The Infield Fly Rule is designed to keep a defense from intentionally dropping a ball they should have caught – simply to induce a double or triple play. It is one of the most misunderstood rules in the game.
The Infield Fly Rule can be called when three conditions are met:
- There are fewer than two outs.
- There is a force play at third base. This means that at least first and second must be occupied, or the bases loaded.
- A batter hits a high, fair, fly ball that an infielder should catch with “ordinary effort.”
Umpire Tip: An outfielder is permitted to catch an Infield Fly provided that it can be caught by an infielder with ordinary effort.
An Infield Fly may be caught by an outfielder
Umpire Tip: An umpire should wait until the fly ball is at its highest point before he signals and call “Infield Fly.”
Umpires should wait until the fly ball reaches its highest point before calling Infield Fly
Umpire Tip: If the fly ball is near the fair/foul line, the umpire should call “Infield fly if fair.”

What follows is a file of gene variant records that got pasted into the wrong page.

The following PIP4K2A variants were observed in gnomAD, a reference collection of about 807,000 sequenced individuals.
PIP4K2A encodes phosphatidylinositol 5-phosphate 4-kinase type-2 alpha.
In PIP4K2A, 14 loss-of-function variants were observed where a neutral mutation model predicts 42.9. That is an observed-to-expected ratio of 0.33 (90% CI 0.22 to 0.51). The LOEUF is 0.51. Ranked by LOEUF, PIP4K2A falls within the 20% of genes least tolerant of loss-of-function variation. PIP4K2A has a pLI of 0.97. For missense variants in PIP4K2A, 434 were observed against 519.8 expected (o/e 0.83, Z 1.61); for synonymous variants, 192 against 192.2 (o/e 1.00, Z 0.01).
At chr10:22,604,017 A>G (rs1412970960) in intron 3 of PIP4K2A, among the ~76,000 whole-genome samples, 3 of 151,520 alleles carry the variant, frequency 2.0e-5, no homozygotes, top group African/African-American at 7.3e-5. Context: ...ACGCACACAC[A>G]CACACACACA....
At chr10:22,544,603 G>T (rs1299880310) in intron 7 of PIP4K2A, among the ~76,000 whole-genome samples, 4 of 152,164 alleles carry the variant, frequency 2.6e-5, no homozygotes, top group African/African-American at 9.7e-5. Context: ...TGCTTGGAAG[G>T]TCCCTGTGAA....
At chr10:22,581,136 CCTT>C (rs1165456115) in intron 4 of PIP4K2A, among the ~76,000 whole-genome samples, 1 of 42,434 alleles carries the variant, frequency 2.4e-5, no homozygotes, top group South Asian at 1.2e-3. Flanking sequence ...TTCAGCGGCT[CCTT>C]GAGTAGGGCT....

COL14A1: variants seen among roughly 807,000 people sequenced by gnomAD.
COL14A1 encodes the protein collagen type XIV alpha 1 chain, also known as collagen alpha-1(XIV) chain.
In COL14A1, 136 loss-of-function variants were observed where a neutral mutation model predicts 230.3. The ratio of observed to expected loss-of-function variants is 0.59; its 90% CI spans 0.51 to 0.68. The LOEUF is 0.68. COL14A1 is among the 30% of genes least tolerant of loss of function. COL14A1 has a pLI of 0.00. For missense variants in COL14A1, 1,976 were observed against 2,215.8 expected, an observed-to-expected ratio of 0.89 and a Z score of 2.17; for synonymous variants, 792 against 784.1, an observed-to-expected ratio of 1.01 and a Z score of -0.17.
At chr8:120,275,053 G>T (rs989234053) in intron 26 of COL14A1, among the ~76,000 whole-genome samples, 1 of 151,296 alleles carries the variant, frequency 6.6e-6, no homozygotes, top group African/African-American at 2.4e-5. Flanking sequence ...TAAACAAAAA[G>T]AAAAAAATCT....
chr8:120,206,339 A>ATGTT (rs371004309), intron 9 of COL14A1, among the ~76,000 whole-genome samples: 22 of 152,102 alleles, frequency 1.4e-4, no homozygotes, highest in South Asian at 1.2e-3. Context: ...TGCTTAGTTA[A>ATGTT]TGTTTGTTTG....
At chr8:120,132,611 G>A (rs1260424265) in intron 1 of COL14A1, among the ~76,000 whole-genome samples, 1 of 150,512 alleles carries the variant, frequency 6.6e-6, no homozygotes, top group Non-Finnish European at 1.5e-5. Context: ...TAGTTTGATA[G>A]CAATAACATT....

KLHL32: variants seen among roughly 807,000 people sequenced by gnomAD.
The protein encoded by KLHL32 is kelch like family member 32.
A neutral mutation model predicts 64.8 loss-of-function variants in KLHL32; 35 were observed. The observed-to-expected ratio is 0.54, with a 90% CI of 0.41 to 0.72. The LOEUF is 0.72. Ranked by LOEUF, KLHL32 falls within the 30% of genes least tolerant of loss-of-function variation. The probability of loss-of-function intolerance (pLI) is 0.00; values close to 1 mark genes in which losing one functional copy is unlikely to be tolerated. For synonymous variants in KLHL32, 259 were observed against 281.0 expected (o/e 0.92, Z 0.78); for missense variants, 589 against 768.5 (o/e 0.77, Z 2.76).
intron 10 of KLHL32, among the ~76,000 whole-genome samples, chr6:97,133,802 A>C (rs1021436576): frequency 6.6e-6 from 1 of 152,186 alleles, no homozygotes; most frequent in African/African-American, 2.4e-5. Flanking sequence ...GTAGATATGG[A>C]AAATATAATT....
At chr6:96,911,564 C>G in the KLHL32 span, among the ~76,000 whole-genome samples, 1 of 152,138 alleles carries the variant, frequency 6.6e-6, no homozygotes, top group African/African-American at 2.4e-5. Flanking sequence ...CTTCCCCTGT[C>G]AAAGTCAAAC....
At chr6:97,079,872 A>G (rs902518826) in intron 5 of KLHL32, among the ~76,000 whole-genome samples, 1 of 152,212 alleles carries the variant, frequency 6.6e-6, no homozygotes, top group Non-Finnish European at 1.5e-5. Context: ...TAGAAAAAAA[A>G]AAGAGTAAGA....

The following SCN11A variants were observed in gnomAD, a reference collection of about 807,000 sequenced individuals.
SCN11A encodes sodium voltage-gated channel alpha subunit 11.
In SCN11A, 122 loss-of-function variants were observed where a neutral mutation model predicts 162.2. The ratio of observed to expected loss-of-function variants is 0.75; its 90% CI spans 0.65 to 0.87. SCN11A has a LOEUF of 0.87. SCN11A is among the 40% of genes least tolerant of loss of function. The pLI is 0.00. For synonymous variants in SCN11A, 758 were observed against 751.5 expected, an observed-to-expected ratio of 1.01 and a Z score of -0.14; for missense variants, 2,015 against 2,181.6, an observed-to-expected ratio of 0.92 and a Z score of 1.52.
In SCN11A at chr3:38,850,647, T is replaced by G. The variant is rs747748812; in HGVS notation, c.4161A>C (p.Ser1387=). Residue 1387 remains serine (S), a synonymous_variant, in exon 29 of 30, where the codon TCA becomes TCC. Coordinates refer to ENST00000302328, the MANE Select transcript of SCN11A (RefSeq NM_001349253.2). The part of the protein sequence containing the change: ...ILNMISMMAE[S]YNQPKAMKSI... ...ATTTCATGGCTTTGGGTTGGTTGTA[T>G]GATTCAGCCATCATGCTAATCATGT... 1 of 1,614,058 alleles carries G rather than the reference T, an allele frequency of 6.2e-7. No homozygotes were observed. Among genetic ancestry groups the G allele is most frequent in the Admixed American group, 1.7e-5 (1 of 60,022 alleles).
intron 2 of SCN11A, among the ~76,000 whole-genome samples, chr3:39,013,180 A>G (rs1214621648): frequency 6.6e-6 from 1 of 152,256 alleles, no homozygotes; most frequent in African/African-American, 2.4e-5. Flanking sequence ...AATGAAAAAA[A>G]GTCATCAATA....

An Infield Fly must be a fair ball
Coaching Tip: Runners should be coached to return to their base when an Infield Fly is called.
Runners should return to their base when an Infield Fly is called
When the Infield Fly is called, the umpire will call the batter out – even before the catch is completed. The ball remains live assuming there was no additional interference on a fielder during the play. As with many rules, the Infield Fly is based on the umpire’s judgment.
KNOW THIS: If a runner interferes with a fielder during an infield fly, both the runner and the batter will be called out.
Infield Fly Rule Facts
- An Infield Fly cannot be a bunt
- An Infield Fly cannot be a line drive
- An Infield Fly cannot be a foul ball
- A runner may attempt to advance on an Infield Fly
- The ball remains alive during and after an Infield Fly
- An Infield Fly may be caught by an outfielder
As mentioned above, the rule is in place to keep the defense from acting in an unsportsmanlike manner. Without the rule, a fielder could intentionally drop an easy fly ball (with runners on at least first and second) to force the runners to advance at the last minute (see The Runner – Tagging Up). The fielder could then quickly pick the ball up to induce a “cheap” double or triple play.
Though the rule stipulates that an in-fielder could ordinarily make the play, it doesn’t require that an infielder actually attempts to catch the ball. The only real requirement is that an in-fielder in the vicinity could have reasonably made the play in fair territory. If the trajectory of the fly ball takes it close to foul territory, the umpire may call, “Infield Fly, if Fair.” It’s only an infield fly if the ball is fair.